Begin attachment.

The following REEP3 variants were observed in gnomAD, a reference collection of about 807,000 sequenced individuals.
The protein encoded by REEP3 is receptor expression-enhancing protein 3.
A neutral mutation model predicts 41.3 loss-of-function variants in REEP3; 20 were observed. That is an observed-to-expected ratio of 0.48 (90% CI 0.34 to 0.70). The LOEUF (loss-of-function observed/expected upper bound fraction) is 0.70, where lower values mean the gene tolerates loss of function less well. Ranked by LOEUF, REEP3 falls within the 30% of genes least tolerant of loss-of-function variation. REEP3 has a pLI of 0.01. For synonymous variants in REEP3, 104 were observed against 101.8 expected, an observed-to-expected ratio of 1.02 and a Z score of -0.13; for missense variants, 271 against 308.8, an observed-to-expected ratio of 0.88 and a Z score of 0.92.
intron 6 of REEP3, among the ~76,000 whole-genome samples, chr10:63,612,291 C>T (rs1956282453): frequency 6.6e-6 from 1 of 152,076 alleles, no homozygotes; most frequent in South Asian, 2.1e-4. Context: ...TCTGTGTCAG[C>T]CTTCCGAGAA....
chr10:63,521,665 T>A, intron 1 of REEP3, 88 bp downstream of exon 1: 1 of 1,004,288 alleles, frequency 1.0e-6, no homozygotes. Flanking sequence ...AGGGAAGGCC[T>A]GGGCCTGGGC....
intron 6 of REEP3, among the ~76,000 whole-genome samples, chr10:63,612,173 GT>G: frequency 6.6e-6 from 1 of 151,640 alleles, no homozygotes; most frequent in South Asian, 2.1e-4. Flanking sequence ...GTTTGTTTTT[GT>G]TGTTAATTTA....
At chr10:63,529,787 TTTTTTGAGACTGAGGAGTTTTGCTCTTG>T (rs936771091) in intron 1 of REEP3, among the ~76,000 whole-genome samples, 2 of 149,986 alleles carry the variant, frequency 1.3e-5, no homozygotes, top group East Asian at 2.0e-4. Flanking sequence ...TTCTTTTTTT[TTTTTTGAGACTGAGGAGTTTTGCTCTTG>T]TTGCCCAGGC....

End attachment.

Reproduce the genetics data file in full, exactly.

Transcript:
The following REEP3 variants were observed in gnomAD, a reference collection of about 807,000 sequenced individuals.
The protein encoded by REEP3 is receptor expression-enhancing protein 3.
A neutral mutation model predicts 41.3 loss-of-function variants in REEP3; 20 were observed. That is an observed-to-expected ratio of 0.48 (90% CI 0.34 to 0.70). The LOEUF (loss-of-function observed/expected upper bound fraction) is 0.70, where lower values mean the gene tolerates loss of function less well. Ranked by LOEUF, REEP3 falls within the 30% of genes least tolerant of loss-of-function variation. REEP3 has a pLI of 0.01. For synonymous variants in REEP3, 104 were observed against 101.8 expected, an observed-to-expected ratio of 1.02 and a Z score of -0.13; for missense variants, 271 against 308.8, an observed-to-expected ratio of 0.88 and a Z score of 0.92.
intron 6 of REEP3, among the ~76,000 whole-genome samples, chr10:63,612,291 C>T (rs1956282453): frequency 6.6e-6 from 1 of 152,076 alleles, no homozygotes; most frequent in South Asian, 2.1e-4. Context: ...TCTGTGTCAG[C>T]CTTCCGAGAA....
chr10:63,521,665 T>A, intron 1 of REEP3, 88 bp downstream of exon 1: 1 of 1,004,288 alleles, frequency 1.0e-6, no homozygotes. Flanking sequence ...AGGGAAGGCC[T>A]GGGCCTGGGC....
intron 6 of REEP3, among the ~76,000 whole-genome samples, chr10:63,612,173 GT>G: frequency 6.6e-6 from 1 of 151,640 alleles, no homozygotes; most frequent in South Asian, 2.1e-4. Flanking sequence ...GTTTGTTTTT[GT>G]TGTTAATTTA....
At chr10:63,529,787 TTTTTTGAGACTGAGGAGTTTTGCTCTTG>T (rs936771091) in intron 1 of REEP3, among the ~76,000 whole-genome samples, 2 of 149,986 alleles carry the variant, frequency 1.3e-5, no homozygotes, top group East Asian at 2.0e-4. Flanking sequence ...TTCTTTTTTT[TTTTTTGAGACTGAGGAGTTTTGCTCTTG>T]TTGCCCAGGC....